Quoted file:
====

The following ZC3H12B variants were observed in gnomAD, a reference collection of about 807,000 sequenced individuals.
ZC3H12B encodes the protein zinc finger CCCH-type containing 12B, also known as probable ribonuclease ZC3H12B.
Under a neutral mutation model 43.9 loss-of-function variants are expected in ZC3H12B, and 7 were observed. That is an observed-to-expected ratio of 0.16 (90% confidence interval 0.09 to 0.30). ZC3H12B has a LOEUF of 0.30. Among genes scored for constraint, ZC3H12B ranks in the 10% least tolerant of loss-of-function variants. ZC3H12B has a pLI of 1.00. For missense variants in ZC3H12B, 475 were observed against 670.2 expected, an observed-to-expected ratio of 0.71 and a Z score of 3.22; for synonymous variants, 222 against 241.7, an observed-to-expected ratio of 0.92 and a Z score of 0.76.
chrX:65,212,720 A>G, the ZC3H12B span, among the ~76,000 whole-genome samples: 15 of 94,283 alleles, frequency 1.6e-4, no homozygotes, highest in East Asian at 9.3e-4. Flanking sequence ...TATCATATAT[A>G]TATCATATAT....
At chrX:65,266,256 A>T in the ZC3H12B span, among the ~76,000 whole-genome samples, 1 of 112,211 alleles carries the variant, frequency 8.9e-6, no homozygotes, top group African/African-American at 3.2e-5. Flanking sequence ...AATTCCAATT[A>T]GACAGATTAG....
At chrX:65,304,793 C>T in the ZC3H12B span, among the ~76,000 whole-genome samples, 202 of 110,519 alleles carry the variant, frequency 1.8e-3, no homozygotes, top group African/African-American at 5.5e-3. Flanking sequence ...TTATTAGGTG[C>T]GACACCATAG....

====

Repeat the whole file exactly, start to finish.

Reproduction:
The following ZC3H12B variants were observed in gnomAD, a reference collection of about 807,000 sequenced individuals.
ZC3H12B encodes the protein zinc finger CCCH-type containing 12B, also known as probable ribonuclease ZC3H12B.
Under a neutral mutation model 43.9 loss-of-function variants are expected in ZC3H12B, and 7 were observed. That is an observed-to-expected ratio of 0.16 (90% confidence interval 0.09 to 0.30). ZC3H12B has a LOEUF of 0.30. Among genes scored for constraint, ZC3H12B ranks in the 10% least tolerant of loss-of-function variants. ZC3H12B has a pLI of 1.00. For missense variants in ZC3H12B, 475 were observed against 670.2 expected, an observed-to-expected ratio of 0.71 and a Z score of 3.22; for synonymous variants, 222 against 241.7, an observed-to-expected ratio of 0.92 and a Z score of 0.76.
chrX:65,212,720 A>G, the ZC3H12B span, among the ~76,000 whole-genome samples: 15 of 94,283 alleles, frequency 1.6e-4, no homozygotes, highest in East Asian at 9.3e-4. Flanking sequence ...TATCATATAT[A>G]TATCATATAT....
At chrX:65,266,256 A>T in the ZC3H12B span, among the ~76,000 whole-genome samples, 1 of 112,211 alleles carries the variant, frequency 8.9e-6, no homozygotes, top group African/African-American at 3.2e-5. Flanking sequence ...AATTCCAATT[A>T]GACAGATTAG....
At chrX:65,304,793 C>T in the ZC3H12B span, among the ~76,000 whole-genome samples, 202 of 110,519 alleles carry the variant, frequency 1.8e-3, no homozygotes, top group African/African-American at 5.5e-3. Flanking sequence ...TTATTAGGTG[C>T]GACACCATAG....